What: âÄúinterpenetrationâÄù MFA Thesis Exhibition
When: Now until May 20
Where: Katherine E.Nash Gallery, 405 21st Avenue S., Minneapolis
It took five days, two hired hands, the generous help of friends and a forklift to install Robin SchwartzmanâÄôs vibrant, highly interactive piece in the Katherine E. Nash Gallery. The set looks something like a cartoon version of a McDonaldâÄôs play place brought to life, minus the crying kids and the maximum height limit.
Guests are invited to take off their shoes and come sit in the grass under the tree, ride down the slide, or jump into the pool of 6,000 plastic balls courtesy of an expired HardeeâÄôs.
The piece is part of the MFA Thesis Exhibition titled âÄúinterpenetrationâÄù featuring the final work of six soon-to-be alumni of the University of MinnesotaâÄôs graduate art program.
âÄúSo these six students âÄî âÄù gallery director Howard Oransky said, stopping abruptly mid-sentence to re-evaluate the mispronounced label. âÄúWe should really be referring to them as artists now. TheyâÄôre just completing that transition from students into professional artists.âÄù
SchwartzmanâÄôs transition has been an evolving process facilitated by the depth of the UniversityâÄôs graduate program. In fact, as a freshman she never wouldâÄôve guessed that her masterâÄôs thesis piece would end up an interactive wonderland.
âÄúI came in for printmaking, actually. Over the past three years IâÄôve just kind of evolved using the resources that are here,âÄù Schwartzman said while sitting in her pool of plastic balls. âÄúIâÄôm really interested in the gallery not being this place where people canâÄôt touch art and have to look at the wall. I want people to have fun when they come to openings and interact and really be part of the work.âÄù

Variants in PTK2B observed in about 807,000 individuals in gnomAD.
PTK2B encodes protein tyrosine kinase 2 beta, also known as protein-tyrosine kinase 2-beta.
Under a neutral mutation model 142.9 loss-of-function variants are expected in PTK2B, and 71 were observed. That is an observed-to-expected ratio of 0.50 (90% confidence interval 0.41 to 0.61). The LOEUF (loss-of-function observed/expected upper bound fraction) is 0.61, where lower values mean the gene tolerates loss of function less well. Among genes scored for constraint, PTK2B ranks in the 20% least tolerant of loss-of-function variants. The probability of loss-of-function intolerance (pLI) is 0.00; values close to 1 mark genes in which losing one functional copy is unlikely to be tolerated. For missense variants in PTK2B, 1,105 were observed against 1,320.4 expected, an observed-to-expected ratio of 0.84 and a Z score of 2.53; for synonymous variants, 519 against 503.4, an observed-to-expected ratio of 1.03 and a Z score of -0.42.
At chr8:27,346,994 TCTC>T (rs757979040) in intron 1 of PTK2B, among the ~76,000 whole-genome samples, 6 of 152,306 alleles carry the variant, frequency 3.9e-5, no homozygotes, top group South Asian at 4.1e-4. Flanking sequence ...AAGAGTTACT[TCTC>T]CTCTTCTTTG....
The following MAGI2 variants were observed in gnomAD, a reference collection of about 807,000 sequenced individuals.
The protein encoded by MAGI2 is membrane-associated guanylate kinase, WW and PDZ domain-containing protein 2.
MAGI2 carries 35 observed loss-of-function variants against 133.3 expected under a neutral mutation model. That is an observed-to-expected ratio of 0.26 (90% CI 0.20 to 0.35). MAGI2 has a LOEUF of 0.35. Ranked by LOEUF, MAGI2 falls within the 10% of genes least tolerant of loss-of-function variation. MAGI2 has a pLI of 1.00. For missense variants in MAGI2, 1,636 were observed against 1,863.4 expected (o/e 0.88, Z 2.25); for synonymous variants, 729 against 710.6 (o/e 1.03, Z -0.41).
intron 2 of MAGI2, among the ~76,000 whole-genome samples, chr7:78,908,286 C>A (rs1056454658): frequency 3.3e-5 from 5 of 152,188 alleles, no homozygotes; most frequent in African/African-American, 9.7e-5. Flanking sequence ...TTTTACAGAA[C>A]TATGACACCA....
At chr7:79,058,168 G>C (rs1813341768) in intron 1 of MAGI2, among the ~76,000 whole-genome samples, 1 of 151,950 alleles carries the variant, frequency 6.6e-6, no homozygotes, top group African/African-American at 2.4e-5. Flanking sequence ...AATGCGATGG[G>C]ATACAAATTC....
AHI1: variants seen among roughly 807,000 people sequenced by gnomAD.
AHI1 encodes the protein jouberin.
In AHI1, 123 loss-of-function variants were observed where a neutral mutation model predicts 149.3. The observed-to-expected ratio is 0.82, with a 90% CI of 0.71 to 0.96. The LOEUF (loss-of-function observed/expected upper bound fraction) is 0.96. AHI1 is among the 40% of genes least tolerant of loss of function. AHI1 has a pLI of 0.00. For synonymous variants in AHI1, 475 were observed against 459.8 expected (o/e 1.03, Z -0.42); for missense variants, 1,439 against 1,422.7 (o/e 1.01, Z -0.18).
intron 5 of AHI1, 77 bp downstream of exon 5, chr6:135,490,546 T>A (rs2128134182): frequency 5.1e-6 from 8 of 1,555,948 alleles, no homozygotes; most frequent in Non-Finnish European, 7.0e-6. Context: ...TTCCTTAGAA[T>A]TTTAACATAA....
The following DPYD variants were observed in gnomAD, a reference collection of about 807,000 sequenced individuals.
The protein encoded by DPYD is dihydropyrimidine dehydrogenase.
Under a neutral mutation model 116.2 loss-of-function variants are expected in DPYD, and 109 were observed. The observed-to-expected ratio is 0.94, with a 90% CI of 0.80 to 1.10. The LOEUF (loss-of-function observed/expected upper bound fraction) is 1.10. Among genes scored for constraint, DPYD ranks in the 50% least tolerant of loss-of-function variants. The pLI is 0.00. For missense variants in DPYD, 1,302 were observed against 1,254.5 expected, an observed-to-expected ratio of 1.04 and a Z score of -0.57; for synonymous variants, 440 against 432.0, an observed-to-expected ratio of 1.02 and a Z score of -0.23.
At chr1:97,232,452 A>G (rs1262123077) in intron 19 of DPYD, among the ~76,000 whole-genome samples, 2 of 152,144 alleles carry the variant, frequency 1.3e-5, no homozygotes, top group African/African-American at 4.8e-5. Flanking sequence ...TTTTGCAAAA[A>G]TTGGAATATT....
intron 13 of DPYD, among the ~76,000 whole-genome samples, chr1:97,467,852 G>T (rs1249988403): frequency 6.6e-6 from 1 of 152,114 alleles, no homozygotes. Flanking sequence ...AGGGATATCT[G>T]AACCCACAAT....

Though the piece may seem more fit to accompany Happy Meals than the collection of dark pencil interpretations of Franz KafkaâÄôs works directly to its right, SchwartzmanâÄôs work challenges standard gallery etiquette and asserts itself with a genuine nonconventional appeal.
âÄúThe Katherine Nash Gallery is our laboratory for the investigation and discovery of visual art, its possibilities and its meanings,âÄù Oransky said. âÄúYou might not see work like [RobinâÄôs] in an art history book, but in a sense sheâÄôs creating her own personal language as an artist.âÄù
Fellow thesis exhibitor Ethan Rowan Pope looked to literature to draw his own language.
âÄúMy momâÄôs a poet. My dadâÄôs a screenwriter. Our whole family has always been very much influenced by literature,âÄù he said.
That influence is on display at the Nash Gallery with PopeâÄôs pencil drawings interpreting prominent passages from several of Franz KafkaâÄôs most well-known stories. The ominous imagery almost swallows the radiance of SchwartzmanâÄôs jovial display, an accurate reflection of KafkaâÄôs grim tone.
âÄúI think what I like most about Kafka is not just the studied eloquence of his craft, but itâÄôs the inimitable personality of his writing,âÄù Pope said. âÄúHeâÄôs kind of paranoid and horrifying but heâÄôs also distinctly funny.âÄù
Though KafkaâÄôs black humor may not translate through PopeâÄôs drawings, they manage to capture the sense of helplessness and despair that has fed generations of Kafka enthusiasts. The drawings are absent of color, but wielding a skillful pencil, Pope shades his interpretations of the pitiful worlds Kafka added to our own in his work.
âÄúI thought that pencil would be the best way to describe the darkness and harshness of KafkaâÄôs realities,âÄù he said.
The ironic juxtaposition of Schwartzman and PopeâÄôs works is reflective of the broad scope of the UniversityâÄôs graduate art program. Having been given the freedom to interpret visual art as a fluid term, these artists will be leaving the classroom and dropping their work into the sea of their craft.